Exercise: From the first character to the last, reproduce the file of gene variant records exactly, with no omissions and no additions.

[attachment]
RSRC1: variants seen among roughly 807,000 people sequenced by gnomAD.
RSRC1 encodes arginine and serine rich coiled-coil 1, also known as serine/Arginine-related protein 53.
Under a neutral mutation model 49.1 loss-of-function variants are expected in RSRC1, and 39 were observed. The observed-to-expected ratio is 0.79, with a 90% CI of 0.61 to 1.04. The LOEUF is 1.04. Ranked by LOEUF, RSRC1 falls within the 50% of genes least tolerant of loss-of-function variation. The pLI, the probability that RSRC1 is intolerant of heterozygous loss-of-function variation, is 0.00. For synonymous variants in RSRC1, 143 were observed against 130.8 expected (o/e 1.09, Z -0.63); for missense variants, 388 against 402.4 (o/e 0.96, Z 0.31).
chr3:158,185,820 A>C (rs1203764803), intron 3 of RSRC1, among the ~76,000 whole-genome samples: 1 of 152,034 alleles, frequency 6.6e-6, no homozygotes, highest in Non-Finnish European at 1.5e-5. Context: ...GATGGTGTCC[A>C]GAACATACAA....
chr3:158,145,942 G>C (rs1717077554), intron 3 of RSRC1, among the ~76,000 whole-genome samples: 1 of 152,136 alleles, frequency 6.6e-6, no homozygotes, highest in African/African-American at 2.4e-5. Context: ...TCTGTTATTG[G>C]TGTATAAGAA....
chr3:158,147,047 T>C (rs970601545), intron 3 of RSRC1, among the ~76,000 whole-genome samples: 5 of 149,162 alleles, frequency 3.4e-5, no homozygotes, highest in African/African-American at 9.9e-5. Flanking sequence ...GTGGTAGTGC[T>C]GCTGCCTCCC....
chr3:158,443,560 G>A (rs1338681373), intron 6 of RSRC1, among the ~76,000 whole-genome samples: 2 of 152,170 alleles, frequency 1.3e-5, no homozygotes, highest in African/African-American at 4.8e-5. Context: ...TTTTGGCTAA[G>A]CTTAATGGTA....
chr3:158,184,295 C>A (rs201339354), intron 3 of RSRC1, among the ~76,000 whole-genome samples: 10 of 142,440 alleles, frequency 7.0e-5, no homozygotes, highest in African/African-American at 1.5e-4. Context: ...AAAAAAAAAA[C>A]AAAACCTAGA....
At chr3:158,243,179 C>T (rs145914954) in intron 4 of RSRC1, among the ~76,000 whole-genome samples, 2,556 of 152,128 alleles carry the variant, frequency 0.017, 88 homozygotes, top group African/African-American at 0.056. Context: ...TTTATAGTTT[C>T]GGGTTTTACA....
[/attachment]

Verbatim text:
RSRC1: variants seen among roughly 807,000 people sequenced by gnomAD.
RSRC1 encodes arginine and serine rich coiled-coil 1, also known as serine/Arginine-related protein 53.
Under a neutral mutation model 49.1 loss-of-function variants are expected in RSRC1, and 39 were observed. The observed-to-expected ratio is 0.79, with a 90% CI of 0.61 to 1.04. The LOEUF is 1.04. Ranked by LOEUF, RSRC1 falls within the 50% of genes least tolerant of loss-of-function variation. The pLI, the probability that RSRC1 is intolerant of heterozygous loss-of-function variation, is 0.00. For synonymous variants in RSRC1, 143 were observed against 130.8 expected (o/e 1.09, Z -0.63); for missense variants, 388 against 402.4 (o/e 0.96, Z 0.31).
chr3:158,185,820 A>C (rs1203764803), intron 3 of RSRC1, among the ~76,000 whole-genome samples: 1 of 152,034 alleles, frequency 6.6e-6, no homozygotes, highest in Non-Finnish European at 1.5e-5. Context: ...GATGGTGTCC[A>C]GAACATACAA....
chr3:158,145,942 G>C (rs1717077554), intron 3 of RSRC1, among the ~76,000 whole-genome samples: 1 of 152,136 alleles, frequency 6.6e-6, no homozygotes, highest in African/African-American at 2.4e-5. Context: ...TCTGTTATTG[G>C]TGTATAAGAA....
chr3:158,147,047 T>C (rs970601545), intron 3 of RSRC1, among the ~76,000 whole-genome samples: 5 of 149,162 alleles, frequency 3.4e-5, no homozygotes, highest in African/African-American at 9.9e-5. Flanking sequence ...GTGGTAGTGC[T>C]GCTGCCTCCC....
chr3:158,443,560 G>A (rs1338681373), intron 6 of RSRC1, among the ~76,000 whole-genome samples: 2 of 152,170 alleles, frequency 1.3e-5, no homozygotes, highest in African/African-American at 4.8e-5. Context: ...TTTTGGCTAA[G>A]CTTAATGGTA....
chr3:158,184,295 C>A (rs201339354), intron 3 of RSRC1, among the ~76,000 whole-genome samples: 10 of 142,440 alleles, frequency 7.0e-5, no homozygotes, highest in African/African-American at 1.5e-4. Context: ...AAAAAAAAAA[C>A]AAAACCTAGA....
At chr3:158,243,179 C>T (rs145914954) in intron 4 of RSRC1, among the ~76,000 whole-genome samples, 2,556 of 152,128 alleles carry the variant, frequency 0.017, 88 homozygotes, top group African/African-American at 0.056. Context: ...TTTATAGTTT[C>T]GGGTTTTACA....